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  • Writer's pictureluke73478

No CV? No Problem....

Everyone writes their CV for the first time. Whether you are a school leaver looking for a part time job, a graduate or even returning to work after a long career break – putting pen to paper can sometimes feel daunting.

Writing the perfect CV is tricky, but writing a CV when you are straight out of education can be even trickier.

Personally, I find writing CV’s enjoyable and quite therapeutic, but I know not everyone does. I’ve spoken to colleagues, friends and candidates before who have said that writing a CV has put them off applying for new jobs!

As a school, college or university leaver you may feel that you can’t fill a CV as you have limited work experience or you don’t have any voluntary experience.

So I’m here to help you through the not so scary world of first time CV’s

Grab a brew and have a chat

Quite often when we’ve been chatting to a candidate, we discover a hidden gem that wasn’t included in their original CV, such as a significant achievement, success or a specific skill.

A good way to prepare is to grab a pen and paper, a brew and a friend or parent and have a good old chat. Talk through your work experience, what you got out of it and what you learnt. Talk about your interests and life experience, what it says about you, how it has shaped you. Talk about your education and qualifications and what you love to do.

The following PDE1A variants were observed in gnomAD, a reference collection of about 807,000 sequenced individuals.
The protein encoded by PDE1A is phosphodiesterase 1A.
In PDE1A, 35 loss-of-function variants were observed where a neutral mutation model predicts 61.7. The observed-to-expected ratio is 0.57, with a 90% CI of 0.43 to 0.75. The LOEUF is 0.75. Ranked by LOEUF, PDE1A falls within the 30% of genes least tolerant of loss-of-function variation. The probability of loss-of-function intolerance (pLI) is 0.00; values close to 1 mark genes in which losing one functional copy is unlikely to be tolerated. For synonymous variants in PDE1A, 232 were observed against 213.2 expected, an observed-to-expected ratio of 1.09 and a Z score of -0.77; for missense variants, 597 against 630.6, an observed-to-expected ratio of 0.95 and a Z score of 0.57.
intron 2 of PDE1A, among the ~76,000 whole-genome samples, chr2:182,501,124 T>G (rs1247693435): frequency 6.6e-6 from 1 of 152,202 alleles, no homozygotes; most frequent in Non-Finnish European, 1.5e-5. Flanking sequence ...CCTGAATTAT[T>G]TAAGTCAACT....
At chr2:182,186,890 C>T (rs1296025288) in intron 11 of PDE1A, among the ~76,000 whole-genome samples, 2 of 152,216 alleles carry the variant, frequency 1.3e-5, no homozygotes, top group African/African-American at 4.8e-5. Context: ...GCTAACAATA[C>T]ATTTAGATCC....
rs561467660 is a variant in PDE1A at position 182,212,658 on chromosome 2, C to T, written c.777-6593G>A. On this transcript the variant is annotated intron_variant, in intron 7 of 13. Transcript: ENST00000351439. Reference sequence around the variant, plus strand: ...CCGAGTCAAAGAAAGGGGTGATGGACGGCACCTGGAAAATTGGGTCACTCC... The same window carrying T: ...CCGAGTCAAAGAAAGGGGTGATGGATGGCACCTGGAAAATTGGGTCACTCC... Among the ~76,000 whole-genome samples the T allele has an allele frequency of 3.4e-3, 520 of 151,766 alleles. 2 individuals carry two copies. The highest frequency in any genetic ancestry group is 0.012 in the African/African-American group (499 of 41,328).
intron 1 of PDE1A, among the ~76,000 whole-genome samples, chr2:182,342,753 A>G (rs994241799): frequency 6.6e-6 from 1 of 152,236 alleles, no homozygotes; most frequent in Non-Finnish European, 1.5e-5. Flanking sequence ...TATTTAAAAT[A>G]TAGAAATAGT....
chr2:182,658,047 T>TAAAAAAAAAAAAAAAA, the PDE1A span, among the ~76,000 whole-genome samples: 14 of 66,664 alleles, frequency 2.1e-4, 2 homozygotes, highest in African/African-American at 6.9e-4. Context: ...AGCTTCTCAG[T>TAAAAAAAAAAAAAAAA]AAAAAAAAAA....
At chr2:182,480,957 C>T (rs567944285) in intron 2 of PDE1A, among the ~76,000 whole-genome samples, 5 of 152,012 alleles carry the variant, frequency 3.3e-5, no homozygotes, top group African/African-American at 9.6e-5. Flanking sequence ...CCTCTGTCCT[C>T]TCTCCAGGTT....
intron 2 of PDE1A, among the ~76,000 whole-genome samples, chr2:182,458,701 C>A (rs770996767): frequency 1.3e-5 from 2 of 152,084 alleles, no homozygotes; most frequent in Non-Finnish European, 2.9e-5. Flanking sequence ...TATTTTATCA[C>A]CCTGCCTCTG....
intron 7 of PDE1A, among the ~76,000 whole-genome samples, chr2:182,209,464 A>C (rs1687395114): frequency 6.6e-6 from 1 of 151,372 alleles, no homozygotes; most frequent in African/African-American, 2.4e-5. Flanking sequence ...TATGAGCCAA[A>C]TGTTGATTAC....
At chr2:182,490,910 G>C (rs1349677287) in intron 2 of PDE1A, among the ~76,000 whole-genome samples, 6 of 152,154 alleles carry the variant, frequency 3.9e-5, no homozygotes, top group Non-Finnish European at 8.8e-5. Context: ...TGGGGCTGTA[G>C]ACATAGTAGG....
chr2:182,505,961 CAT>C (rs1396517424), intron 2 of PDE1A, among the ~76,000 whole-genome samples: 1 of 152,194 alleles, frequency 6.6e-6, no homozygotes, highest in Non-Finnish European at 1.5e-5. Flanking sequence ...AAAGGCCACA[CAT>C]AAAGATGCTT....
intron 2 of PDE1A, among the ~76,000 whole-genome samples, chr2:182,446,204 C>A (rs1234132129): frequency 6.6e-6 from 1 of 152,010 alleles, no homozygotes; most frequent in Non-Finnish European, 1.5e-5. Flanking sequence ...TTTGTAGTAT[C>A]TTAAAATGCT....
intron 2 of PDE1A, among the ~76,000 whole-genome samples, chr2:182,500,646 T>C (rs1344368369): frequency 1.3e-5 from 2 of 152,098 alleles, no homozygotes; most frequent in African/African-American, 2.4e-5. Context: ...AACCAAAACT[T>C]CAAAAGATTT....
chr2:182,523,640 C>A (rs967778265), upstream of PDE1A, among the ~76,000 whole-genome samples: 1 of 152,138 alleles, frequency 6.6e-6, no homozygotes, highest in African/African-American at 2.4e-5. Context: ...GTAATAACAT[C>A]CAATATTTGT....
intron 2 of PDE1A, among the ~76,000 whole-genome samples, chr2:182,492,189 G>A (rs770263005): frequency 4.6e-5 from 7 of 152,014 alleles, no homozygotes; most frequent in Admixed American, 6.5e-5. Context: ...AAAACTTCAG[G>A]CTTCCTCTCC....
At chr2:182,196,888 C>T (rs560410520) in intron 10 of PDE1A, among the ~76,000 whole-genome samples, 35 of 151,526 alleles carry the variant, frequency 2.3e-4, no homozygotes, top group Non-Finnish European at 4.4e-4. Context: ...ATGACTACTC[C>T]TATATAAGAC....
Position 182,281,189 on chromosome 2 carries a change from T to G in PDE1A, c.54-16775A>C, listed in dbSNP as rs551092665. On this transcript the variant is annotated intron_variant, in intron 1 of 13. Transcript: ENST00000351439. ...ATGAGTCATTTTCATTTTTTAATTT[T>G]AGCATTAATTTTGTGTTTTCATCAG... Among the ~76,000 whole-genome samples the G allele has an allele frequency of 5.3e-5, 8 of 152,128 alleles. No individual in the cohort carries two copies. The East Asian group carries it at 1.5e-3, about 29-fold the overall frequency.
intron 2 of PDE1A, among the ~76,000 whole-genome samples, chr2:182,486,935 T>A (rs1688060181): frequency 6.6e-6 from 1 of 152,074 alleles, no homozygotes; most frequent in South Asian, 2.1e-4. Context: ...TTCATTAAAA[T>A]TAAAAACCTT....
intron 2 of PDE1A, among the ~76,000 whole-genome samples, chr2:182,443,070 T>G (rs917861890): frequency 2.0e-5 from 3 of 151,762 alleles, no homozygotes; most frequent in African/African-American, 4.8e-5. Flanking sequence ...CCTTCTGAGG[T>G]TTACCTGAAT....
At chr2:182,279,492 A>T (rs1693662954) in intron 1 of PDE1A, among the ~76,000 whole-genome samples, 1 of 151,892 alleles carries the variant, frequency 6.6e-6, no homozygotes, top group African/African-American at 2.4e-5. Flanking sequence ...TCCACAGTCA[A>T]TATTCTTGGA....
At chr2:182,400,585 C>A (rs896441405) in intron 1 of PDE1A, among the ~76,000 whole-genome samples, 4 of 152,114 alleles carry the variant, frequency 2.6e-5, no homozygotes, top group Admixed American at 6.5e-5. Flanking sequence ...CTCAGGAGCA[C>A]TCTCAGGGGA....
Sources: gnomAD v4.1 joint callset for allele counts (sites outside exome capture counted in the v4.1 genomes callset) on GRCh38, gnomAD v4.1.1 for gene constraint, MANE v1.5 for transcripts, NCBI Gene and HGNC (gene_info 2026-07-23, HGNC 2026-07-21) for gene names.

Bouncing ideas off each other is a great way to find the detail that will make your CV stand out from the crowd.


Start with a profile, a personal statement about YOU. No more than 3-4 lines long, keep it punchy and a summary selling you and all you can offer. Think of it as a product statement, what will the employer get if they employ you?

Work Experience

Just because you haven’t had a full time job doesn’t mean you can’t make this section stand out. Include all experience; school work experience, voluntary work, Saturday jobs etc. Even if it’s only a couple of week’s experience, it’s still experience!

Detail what your responsibilities were, key skills you gained and what you learnt from your time on the job.

Education & Qualifications

Remember to include the most recently achieved/studied qualifications first and work back to secondary school.

Also remember to include extra-Curricular awards such as Duke of Edinburgh. Awards like these develop positive life skills and habits such as self-resilience and perseverance. GREAT qualities for a potential employer.

Key Skills

Be sure to include any positive skills you have, these can include team work, IT skills, coaching, money handling, conversational foreign language. Think about your experience and hobbies.


Make sure you include anything that adds value. For example, a team sport shows your ability to work in a team and dedication to train. Reading or research into a related subject shows your commitment to the industry and your personal development.

So grab a brew, a pen and paper and start jotting ideas…and remember, we’re always here to help!

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